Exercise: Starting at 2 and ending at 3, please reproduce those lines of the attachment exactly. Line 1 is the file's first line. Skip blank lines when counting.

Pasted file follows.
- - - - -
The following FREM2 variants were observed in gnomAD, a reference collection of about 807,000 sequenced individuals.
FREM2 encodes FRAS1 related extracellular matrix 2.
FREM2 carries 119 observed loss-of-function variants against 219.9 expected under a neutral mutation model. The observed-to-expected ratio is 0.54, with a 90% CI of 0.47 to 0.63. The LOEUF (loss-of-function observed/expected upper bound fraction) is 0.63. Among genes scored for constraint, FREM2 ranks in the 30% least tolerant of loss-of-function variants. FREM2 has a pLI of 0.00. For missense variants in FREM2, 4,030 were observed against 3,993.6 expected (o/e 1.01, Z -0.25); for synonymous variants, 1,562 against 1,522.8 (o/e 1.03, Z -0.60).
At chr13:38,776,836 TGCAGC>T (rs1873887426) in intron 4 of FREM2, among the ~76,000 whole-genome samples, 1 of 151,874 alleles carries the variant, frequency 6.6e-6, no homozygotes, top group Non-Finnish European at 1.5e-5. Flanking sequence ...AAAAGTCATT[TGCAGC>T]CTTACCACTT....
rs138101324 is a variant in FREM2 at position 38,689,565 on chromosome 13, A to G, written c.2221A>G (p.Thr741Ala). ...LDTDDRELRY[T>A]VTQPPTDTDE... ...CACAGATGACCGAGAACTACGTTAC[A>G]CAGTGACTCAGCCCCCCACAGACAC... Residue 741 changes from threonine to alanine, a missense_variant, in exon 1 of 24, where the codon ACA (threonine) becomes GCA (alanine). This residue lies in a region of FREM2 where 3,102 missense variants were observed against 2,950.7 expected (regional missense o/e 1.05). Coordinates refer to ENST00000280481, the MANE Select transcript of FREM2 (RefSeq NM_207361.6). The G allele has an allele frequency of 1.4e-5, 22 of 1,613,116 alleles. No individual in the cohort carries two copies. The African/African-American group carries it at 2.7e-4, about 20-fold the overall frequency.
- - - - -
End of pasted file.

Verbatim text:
FREM2 encodes FRAS1 related extracellular matrix 2.
FREM2 carries 119 observed loss-of-function variants against 219.9 expected under a neutral mutation model. The observed-to-expected ratio is 0.54, with a 90% CI of 0.47 to 0.63. The LOEUF (loss-of-function observed/expected upper bound fraction) is 0.63. Among genes scored for constraint, FREM2 ranks in the 30% least tolerant of loss-of-function variants. FREM2 has a pLI of 0.00. For missense variants in FREM2, 4,030 were observed against 3,993.6 expected (o/e 1.01, Z -0.25); for synonymous variants, 1,562 against 1,522.8 (o/e 1.03, Z -0.60).